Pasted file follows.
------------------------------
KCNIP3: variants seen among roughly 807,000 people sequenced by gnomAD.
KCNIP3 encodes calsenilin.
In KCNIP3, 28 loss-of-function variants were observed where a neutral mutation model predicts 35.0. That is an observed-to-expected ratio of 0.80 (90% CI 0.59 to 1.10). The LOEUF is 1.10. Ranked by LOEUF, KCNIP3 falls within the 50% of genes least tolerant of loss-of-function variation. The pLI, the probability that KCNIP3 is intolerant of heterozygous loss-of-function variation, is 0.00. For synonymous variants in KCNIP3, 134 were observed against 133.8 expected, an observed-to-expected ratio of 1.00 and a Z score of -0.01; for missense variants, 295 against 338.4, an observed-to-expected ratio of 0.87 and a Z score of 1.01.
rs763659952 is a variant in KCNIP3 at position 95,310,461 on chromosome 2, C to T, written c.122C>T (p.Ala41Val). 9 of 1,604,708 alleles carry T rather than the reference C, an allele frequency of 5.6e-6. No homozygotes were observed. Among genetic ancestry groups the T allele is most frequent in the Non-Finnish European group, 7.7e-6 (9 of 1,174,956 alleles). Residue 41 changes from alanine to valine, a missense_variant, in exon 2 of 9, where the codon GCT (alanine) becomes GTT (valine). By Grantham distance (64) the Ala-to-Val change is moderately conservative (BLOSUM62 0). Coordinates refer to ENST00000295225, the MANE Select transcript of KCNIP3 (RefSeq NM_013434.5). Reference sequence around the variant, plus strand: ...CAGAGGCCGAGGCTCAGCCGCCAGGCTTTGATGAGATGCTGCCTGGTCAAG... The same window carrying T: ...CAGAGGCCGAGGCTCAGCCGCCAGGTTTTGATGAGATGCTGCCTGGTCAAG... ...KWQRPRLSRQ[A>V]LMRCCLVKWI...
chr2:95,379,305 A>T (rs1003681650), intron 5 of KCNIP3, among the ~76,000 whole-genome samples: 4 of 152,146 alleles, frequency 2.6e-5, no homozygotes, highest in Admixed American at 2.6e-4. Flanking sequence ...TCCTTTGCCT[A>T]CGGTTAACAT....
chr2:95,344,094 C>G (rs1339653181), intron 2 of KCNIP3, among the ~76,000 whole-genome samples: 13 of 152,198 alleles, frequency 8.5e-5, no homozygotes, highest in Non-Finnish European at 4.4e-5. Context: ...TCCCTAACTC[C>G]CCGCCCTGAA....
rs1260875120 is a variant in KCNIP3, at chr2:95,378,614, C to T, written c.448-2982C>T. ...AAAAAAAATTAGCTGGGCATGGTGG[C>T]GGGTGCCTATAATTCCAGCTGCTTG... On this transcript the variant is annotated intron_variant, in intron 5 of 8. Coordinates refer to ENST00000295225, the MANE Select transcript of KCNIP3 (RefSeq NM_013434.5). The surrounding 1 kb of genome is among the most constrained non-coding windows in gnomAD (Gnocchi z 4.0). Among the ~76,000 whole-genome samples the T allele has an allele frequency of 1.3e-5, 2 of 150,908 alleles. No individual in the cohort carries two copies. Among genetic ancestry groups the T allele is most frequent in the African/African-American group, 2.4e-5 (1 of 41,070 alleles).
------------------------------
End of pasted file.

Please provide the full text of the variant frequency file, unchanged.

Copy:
KCNIP3: variants seen among roughly 807,000 people sequenced by gnomAD.
KCNIP3 encodes calsenilin.
In KCNIP3, 28 loss-of-function variants were observed where a neutral mutation model predicts 35.0. That is an observed-to-expected ratio of 0.80 (90% CI 0.59 to 1.10). The LOEUF is 1.10. Ranked by LOEUF, KCNIP3 falls within the 50% of genes least tolerant of loss-of-function variation. The pLI, the probability that KCNIP3 is intolerant of heterozygous loss-of-function variation, is 0.00. For synonymous variants in KCNIP3, 134 were observed against 133.8 expected, an observed-to-expected ratio of 1.00 and a Z score of -0.01; for missense variants, 295 against 338.4, an observed-to-expected ratio of 0.87 and a Z score of 1.01.
rs763659952 is a variant in KCNIP3 at position 95,310,461 on chromosome 2, C to T, written c.122C>T (p.Ala41Val). 9 of 1,604,708 alleles carry T rather than the reference C, an allele frequency of 5.6e-6. No homozygotes were observed. Among genetic ancestry groups the T allele is most frequent in the Non-Finnish European group, 7.7e-6 (9 of 1,174,956 alleles). Residue 41 changes from alanine to valine, a missense_variant, in exon 2 of 9, where the codon GCT (alanine) becomes GTT (valine). By Grantham distance (64) the Ala-to-Val change is moderately conservative (BLOSUM62 0). Coordinates refer to ENST00000295225, the MANE Select transcript of KCNIP3 (RefSeq NM_013434.5). Reference sequence around the variant, plus strand: ...CAGAGGCCGAGGCTCAGCCGCCAGGCTTTGATGAGATGCTGCCTGGTCAAG... The same window carrying T: ...CAGAGGCCGAGGCTCAGCCGCCAGGTTTTGATGAGATGCTGCCTGGTCAAG... ...KWQRPRLSRQ[A>V]LMRCCLVKWI...
chr2:95,379,305 A>T (rs1003681650), intron 5 of KCNIP3, among the ~76,000 whole-genome samples: 4 of 152,146 alleles, frequency 2.6e-5, no homozygotes, highest in Admixed American at 2.6e-4. Flanking sequence ...TCCTTTGCCT[A>T]CGGTTAACAT....
chr2:95,344,094 C>G (rs1339653181), intron 2 of KCNIP3, among the ~76,000 whole-genome samples: 13 of 152,198 alleles, frequency 8.5e-5, no homozygotes, highest in Non-Finnish European at 4.4e-5. Context: ...TCCCTAACTC[C>G]CCGCCCTGAA....
rs1260875120 is a variant in KCNIP3, at chr2:95,378,614, C to T, written c.448-2982C>T. ...AAAAAAAATTAGCTGGGCATGGTGG[C>T]GGGTGCCTATAATTCCAGCTGCTTG... On this transcript the variant is annotated intron_variant, in intron 5 of 8. Coordinates refer to ENST00000295225, the MANE Select transcript of KCNIP3 (RefSeq NM_013434.5). The surrounding 1 kb of genome is among the most constrained non-coding windows in gnomAD (Gnocchi z 4.0). Among the ~76,000 whole-genome samples the T allele has an allele frequency of 1.3e-5, 2 of 150,908 alleles. No individual in the cohort carries two copies. Among genetic ancestry groups the T allele is most frequent in the African/African-American group, 2.4e-5 (1 of 41,070 alleles).